Aged care providers are rolling out smart technology that plugs into everyday household appliances to help monitor the safety of home care clients.
VMCH is one of some 20 providers across Australia providing access to the Umps system.
The system – named after its developer’s grandfather – attaches smart plugs to appliances like kettles, radio, televisions, fridges and lamps.
The plugs monitor daily interactions between the appliances and the householder and ‘learn’ a person’s unique patterns of a behaviour.
If a change of routine is detected the system sends an alert to family, friends or carers.
After trialing the technology in Gippsland, VMCH has now installed the system for 40 clients using HCP funding.
One of these is Valerie, who lives alone in Fitzroy and struggles with periods of confusion.
Valerie had the system installed on the suggestion of her case manager Samuel.
“I am glad she has the system set up now,” Samuel says.
“If anything happens to her, we will know and can send help. It’s a bit hard sometimes, when our clients live alone. It’s always a worry when we call and there is no answer, so this is a backup.”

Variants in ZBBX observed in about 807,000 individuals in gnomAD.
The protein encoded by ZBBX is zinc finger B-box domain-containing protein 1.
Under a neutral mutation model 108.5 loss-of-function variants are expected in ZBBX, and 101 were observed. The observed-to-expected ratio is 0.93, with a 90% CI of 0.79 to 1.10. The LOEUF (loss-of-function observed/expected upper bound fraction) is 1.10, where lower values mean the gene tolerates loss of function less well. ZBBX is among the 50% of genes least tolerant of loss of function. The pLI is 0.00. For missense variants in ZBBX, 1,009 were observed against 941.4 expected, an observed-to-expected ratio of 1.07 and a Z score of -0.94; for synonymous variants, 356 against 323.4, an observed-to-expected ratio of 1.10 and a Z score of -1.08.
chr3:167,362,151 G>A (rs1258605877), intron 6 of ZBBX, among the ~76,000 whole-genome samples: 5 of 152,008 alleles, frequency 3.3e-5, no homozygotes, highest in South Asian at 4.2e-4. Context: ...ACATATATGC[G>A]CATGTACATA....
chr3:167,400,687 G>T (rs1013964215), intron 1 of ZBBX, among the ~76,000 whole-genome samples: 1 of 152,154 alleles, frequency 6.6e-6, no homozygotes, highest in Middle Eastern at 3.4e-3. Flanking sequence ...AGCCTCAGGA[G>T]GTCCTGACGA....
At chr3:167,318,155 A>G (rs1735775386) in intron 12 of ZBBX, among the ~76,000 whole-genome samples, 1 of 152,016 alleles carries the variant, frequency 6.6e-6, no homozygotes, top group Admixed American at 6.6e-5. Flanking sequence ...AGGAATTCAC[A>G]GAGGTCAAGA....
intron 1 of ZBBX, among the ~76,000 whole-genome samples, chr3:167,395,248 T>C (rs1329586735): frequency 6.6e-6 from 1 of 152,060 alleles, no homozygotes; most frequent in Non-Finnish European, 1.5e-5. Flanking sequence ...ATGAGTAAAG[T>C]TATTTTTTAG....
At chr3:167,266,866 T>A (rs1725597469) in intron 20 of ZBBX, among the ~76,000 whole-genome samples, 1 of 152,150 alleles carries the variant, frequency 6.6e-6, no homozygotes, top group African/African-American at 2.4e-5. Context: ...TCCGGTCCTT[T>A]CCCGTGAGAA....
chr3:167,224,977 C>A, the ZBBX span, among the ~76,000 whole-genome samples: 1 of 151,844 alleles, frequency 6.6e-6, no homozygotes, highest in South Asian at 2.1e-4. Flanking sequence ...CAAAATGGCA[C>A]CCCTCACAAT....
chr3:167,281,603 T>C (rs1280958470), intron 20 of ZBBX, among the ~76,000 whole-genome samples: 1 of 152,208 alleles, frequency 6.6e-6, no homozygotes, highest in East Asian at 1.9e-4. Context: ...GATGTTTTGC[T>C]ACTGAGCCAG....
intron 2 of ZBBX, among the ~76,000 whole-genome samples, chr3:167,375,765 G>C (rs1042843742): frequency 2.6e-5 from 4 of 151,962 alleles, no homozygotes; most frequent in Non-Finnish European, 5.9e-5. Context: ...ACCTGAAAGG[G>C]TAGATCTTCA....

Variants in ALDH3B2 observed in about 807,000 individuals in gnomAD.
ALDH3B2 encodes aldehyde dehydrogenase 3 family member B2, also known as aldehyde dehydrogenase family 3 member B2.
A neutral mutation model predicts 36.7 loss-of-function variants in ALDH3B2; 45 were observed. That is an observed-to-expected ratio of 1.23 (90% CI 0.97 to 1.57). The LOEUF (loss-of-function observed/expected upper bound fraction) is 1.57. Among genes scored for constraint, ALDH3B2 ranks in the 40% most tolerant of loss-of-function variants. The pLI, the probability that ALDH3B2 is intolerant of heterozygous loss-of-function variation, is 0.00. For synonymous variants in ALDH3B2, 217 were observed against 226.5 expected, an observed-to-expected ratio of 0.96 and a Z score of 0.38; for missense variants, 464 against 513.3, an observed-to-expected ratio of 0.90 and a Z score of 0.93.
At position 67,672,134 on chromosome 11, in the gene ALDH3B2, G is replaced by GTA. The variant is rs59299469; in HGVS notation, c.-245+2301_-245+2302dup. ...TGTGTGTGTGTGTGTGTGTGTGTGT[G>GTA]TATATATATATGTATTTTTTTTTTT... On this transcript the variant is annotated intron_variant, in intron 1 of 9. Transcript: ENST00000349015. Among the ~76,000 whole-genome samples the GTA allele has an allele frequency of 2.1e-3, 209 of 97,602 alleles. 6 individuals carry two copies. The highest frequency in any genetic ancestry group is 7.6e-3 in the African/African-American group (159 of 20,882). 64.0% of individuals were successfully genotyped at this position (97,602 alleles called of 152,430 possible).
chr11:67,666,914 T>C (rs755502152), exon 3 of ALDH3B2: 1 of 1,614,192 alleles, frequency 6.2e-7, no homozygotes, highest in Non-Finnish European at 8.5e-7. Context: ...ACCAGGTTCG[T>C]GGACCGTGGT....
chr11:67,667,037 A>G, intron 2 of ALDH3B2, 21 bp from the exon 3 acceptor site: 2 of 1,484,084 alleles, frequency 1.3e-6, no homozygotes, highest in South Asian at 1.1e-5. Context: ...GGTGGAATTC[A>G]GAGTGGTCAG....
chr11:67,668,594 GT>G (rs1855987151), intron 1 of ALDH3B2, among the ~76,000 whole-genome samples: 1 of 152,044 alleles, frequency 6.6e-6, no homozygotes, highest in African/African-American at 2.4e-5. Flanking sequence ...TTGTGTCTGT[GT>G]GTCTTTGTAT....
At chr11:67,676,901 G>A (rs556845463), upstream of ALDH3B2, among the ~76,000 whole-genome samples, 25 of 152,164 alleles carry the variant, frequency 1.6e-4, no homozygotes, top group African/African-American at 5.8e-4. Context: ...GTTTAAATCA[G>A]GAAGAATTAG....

VMCH now hopes to use new flexibility arrangements recently announced in response to COVID-19 by the federal government to roll the technology out to more of its 1,300 home care recipients, as well as 700 clients who are eligible for CHSP funding, strategy and innovation advisor Chris Coughlan says.
Extra security during COVID-19
Mr Coughlan says the coronavirus lockdown has accelerated deployment of the technology.
“We were looking for technologies that can help us be more responsive to clients and we started with a trial last August,” he told Community Care Review.
“The COVID-19 situation has forced us to accelerate that project, so there’s been some benefits with the lock down in terms of getting technology in the hands of our clients.”
The Umps system was designed by 29-year-old Adam Jahnke after his grandfather was hospitalised for a fall in 2016.
When Mr Jahnke’s father returned home, Mr Jahnke wanted him to continue be able to live independently, so he looked to technology for a solution.
Mr Jahnke wasn’t happy with the existing solutions so he developed his own, and Umps Health was launched as a startup that year.
The company worked with home care providers to design the system from the ground.
“We worked with people on home care packages in particular to understand all the intricacies about deploying the technology into peoples homes to resolve those issues,” Mr Jahnke told CCR.
The technology, which is funded via the HCP, CHSP and NDIS, is now being used in 1,000 homes, with a view to expanding overseas once the the pandemic crisis eases.
Mr Jahnke says the Umps system has the benefit of being non-intrusive, simple to install and working in harmony with individual lifestyles.
“The feedback has been that complicated solutions with lots of sensors in a person’s home can be perceived as intrusive,” he says.
Mr Jahnke says Umps is an example of technology being used in response to a crisis, but believes the next phase will see it adopted in a more mainstream way.